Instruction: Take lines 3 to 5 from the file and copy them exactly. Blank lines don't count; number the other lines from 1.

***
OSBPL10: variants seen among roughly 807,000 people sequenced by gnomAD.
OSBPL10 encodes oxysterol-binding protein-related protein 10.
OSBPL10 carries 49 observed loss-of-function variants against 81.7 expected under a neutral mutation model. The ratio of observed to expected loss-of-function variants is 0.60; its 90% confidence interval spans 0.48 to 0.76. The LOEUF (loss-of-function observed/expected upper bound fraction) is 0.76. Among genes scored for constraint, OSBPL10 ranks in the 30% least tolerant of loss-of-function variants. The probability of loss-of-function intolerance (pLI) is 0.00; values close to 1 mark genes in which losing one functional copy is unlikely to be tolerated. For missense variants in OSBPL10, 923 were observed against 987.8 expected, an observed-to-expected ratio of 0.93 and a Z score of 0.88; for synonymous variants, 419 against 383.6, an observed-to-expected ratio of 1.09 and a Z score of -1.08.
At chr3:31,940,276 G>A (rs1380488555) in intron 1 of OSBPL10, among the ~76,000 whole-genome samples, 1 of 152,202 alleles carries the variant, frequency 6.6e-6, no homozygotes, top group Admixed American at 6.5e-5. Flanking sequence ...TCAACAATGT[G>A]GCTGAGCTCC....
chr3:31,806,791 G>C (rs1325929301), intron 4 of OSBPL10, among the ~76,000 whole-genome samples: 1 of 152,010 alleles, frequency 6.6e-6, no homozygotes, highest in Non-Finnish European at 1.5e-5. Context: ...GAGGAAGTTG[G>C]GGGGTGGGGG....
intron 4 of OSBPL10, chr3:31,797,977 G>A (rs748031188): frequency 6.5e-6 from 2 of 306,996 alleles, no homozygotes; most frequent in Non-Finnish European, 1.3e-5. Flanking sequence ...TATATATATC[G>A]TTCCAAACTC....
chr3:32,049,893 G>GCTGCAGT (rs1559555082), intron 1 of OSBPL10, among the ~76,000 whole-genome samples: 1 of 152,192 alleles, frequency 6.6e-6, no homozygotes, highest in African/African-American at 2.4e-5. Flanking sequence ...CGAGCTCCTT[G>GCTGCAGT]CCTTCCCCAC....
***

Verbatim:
OSBPL10 carries 49 observed loss-of-function variants against 81.7 expected under a neutral mutation model. The ratio of observed to expected loss-of-function variants is 0.60; its 90% confidence interval spans 0.48 to 0.76. The LOEUF (loss-of-function observed/expected upper bound fraction) is 0.76. Among genes scored for constraint, OSBPL10 ranks in the 30% least tolerant of loss-of-function variants. The probability of loss-of-function intolerance (pLI) is 0.00; values close to 1 mark genes in which losing one functional copy is unlikely to be tolerated. For missense variants in OSBPL10, 923 were observed against 987.8 expected, an observed-to-expected ratio of 0.93 and a Z score of 0.88; for synonymous variants, 419 against 383.6, an observed-to-expected ratio of 1.09 and a Z score of -1.08.
At chr3:31,940,276 G>A (rs1380488555) in intron 1 of OSBPL10, among the ~76,000 whole-genome samples, 1 of 152,202 alleles carries the variant, frequency 6.6e-6, no homozygotes, top group Admixed American at 6.5e-5. Flanking sequence ...TCAACAATGT[G>A]GCTGAGCTCC....
chr3:31,806,791 G>C (rs1325929301), intron 4 of OSBPL10, among the ~76,000 whole-genome samples: 1 of 152,010 alleles, frequency 6.6e-6, no homozygotes, highest in Non-Finnish European at 1.5e-5. Context: ...GAGGAAGTTG[G>C]GGGGTGGGGG....